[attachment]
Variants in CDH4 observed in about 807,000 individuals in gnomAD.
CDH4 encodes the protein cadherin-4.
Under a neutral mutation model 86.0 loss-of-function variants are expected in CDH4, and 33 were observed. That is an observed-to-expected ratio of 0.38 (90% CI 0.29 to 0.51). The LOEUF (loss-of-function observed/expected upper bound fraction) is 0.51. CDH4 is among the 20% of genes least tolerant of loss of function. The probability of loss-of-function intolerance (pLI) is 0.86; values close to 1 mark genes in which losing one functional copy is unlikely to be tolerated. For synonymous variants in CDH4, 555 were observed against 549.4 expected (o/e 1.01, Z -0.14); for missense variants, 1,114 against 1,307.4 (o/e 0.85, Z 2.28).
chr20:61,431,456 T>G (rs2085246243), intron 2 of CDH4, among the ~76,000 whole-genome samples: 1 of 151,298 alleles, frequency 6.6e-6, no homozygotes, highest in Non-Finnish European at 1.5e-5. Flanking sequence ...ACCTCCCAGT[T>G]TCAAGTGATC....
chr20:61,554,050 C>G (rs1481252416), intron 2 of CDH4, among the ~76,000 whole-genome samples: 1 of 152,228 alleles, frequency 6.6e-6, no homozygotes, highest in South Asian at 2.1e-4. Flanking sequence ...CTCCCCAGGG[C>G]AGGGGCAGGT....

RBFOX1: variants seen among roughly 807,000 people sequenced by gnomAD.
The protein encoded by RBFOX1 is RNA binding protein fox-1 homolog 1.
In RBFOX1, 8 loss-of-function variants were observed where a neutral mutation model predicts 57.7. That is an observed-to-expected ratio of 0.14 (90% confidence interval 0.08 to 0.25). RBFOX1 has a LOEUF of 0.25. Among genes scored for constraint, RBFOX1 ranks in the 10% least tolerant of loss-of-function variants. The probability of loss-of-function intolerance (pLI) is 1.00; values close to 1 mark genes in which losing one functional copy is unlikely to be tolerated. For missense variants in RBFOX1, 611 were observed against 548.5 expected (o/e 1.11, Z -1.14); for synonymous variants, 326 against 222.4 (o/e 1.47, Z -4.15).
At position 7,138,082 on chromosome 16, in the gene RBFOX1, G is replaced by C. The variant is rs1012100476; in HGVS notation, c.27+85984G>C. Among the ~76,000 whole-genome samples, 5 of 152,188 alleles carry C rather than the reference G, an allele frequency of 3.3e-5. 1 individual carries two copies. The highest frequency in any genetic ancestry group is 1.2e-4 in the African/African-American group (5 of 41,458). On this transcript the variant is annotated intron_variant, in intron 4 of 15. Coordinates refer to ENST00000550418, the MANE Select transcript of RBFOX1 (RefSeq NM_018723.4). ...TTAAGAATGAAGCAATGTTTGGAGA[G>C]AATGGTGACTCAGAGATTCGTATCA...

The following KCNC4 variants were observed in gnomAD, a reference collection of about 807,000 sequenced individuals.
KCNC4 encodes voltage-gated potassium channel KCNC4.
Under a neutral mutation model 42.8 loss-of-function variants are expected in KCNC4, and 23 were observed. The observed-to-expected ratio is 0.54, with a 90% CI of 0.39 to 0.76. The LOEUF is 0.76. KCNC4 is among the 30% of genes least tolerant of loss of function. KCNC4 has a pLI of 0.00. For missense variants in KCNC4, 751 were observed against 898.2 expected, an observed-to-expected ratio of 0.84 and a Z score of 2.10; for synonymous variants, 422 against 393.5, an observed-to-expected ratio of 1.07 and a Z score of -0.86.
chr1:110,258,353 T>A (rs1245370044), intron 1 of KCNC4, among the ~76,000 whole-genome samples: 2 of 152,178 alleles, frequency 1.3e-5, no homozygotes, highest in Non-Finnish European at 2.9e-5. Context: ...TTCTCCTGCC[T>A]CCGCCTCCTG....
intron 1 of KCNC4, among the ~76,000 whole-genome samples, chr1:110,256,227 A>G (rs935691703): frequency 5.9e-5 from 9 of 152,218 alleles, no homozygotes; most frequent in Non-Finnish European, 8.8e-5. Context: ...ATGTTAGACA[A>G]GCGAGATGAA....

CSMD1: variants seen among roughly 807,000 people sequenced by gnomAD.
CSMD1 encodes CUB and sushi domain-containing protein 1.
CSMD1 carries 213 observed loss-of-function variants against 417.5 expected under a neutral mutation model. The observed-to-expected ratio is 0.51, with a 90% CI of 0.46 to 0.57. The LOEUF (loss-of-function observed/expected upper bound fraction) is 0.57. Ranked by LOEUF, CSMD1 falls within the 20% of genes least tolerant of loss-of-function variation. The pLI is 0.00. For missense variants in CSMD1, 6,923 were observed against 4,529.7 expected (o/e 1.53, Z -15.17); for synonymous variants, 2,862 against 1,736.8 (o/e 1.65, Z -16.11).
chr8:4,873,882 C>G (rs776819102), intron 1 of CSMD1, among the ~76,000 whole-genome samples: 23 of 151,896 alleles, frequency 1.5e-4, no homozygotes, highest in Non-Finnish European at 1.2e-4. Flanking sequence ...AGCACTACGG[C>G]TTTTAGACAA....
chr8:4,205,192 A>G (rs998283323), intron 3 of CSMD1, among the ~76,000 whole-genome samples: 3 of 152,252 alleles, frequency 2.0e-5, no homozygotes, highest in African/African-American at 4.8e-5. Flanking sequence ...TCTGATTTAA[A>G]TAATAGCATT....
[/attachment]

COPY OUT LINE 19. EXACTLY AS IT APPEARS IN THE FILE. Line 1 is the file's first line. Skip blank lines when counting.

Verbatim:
chr8:4,205,192 A>G (rs998283323), intron 3 of CSMD1, among the ~76,000 whole-genome samples: 3 of 152,252 alleles, frequency 2.0e-5, no homozygotes, highest in African/African-American at 4.8e-5. Flanking sequence ...TCTGATTTAA[A>G]TAATAGCATT....